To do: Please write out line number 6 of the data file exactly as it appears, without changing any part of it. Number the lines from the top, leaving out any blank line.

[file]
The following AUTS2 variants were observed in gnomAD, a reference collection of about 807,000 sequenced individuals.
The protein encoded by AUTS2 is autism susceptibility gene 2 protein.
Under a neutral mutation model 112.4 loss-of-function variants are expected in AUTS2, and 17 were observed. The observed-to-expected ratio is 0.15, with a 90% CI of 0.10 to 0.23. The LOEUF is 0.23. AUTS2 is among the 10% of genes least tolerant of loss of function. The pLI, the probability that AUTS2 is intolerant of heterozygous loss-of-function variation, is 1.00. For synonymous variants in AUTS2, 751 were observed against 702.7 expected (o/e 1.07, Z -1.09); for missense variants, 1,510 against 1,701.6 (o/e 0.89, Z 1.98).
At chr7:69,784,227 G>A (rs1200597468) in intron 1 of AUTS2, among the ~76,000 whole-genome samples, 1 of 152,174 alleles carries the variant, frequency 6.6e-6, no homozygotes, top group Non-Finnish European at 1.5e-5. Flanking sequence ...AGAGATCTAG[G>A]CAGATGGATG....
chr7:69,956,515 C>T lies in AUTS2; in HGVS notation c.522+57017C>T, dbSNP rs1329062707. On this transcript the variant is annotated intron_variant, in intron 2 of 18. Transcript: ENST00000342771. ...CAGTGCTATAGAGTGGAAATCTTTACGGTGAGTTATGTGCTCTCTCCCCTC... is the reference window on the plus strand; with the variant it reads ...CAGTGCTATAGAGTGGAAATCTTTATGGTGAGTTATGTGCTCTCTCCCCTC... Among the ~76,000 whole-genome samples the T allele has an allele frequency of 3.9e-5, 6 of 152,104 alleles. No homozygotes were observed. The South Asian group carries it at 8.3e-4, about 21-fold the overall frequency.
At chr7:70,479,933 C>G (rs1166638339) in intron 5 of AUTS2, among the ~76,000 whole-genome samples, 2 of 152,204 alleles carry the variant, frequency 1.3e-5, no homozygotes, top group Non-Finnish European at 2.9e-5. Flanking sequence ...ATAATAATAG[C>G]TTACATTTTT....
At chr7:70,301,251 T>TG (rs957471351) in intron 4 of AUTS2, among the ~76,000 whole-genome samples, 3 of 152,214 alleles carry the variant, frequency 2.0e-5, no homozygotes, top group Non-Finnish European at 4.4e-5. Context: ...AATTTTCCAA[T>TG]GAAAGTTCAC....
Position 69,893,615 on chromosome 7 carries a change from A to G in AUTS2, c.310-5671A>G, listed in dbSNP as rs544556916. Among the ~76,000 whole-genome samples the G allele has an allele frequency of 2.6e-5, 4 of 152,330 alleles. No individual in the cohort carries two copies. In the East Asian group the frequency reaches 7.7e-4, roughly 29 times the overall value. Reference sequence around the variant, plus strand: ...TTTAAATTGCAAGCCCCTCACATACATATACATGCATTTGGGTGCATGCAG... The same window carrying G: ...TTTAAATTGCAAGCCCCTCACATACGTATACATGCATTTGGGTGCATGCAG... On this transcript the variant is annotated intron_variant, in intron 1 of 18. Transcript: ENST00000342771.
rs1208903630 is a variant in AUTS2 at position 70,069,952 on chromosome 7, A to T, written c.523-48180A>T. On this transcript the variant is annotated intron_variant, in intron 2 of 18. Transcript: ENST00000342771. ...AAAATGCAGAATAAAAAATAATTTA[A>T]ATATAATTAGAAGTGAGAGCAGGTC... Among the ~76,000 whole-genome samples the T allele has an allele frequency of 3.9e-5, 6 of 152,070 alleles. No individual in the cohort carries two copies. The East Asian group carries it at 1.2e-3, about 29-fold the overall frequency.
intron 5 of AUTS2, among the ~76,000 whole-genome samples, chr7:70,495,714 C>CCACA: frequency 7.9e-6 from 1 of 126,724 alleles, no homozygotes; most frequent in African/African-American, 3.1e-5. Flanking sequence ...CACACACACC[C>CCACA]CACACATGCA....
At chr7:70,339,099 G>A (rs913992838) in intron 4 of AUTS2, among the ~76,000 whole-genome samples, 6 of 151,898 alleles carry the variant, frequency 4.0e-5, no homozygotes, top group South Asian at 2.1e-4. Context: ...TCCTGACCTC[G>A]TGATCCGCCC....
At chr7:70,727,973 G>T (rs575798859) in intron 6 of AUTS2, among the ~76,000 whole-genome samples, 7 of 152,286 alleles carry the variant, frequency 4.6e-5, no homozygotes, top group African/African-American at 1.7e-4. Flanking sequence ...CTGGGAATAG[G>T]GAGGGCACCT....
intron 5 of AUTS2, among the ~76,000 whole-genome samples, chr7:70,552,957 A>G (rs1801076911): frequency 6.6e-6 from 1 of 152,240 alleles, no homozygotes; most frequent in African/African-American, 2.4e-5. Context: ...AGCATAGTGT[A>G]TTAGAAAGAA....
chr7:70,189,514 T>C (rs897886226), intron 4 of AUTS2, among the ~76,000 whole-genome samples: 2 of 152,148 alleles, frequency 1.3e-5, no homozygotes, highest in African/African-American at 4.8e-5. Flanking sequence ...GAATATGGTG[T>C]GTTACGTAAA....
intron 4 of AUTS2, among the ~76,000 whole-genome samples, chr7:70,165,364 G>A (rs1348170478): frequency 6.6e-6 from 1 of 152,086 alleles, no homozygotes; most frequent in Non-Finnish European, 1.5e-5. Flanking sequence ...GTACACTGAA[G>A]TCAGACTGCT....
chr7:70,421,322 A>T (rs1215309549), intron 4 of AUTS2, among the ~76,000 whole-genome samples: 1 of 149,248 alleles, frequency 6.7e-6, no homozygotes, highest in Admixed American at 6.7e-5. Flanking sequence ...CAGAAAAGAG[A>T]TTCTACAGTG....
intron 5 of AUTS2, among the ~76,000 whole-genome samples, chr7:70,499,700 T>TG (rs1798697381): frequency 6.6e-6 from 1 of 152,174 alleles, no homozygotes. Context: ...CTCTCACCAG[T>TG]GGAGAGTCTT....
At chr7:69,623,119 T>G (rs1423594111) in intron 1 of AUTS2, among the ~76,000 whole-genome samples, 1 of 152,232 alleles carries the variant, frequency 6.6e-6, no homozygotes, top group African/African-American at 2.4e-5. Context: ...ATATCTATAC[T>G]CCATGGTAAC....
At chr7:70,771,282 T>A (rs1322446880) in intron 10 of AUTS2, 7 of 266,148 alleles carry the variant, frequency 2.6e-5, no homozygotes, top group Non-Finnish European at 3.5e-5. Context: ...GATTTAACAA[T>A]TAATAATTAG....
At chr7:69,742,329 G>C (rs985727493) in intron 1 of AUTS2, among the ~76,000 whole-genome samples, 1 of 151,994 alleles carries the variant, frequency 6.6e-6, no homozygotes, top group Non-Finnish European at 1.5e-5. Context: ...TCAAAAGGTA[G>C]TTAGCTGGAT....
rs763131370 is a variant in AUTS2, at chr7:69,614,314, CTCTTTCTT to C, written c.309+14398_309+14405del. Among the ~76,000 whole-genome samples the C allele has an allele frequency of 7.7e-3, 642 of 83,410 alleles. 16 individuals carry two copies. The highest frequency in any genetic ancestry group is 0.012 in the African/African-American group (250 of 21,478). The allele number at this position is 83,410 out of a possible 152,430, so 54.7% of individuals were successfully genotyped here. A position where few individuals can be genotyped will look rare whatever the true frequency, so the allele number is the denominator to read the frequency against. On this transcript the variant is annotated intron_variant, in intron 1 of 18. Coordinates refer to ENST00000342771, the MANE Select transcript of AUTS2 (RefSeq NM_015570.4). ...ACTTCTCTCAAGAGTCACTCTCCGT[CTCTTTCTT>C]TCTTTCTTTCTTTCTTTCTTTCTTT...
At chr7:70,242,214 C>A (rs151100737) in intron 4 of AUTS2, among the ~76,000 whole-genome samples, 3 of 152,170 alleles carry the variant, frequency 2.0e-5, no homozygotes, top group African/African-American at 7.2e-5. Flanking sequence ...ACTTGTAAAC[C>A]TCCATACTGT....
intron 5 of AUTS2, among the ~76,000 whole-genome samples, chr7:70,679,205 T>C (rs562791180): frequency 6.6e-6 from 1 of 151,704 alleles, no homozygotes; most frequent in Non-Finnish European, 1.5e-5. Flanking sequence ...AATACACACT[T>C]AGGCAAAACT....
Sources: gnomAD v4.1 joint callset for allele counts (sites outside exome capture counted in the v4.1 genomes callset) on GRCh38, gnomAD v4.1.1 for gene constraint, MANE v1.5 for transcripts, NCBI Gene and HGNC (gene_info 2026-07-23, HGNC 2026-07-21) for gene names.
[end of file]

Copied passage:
At chr7:70,479,933 C>G (rs1166638339) in intron 5 of AUTS2, among the ~76,000 whole-genome samples, 2 of 152,204 alleles carry the variant, frequency 1.3e-5, no homozygotes, top group Non-Finnish European at 2.9e-5. Flanking sequence ...ATAATAATAG[C>G]TTACATTTTT....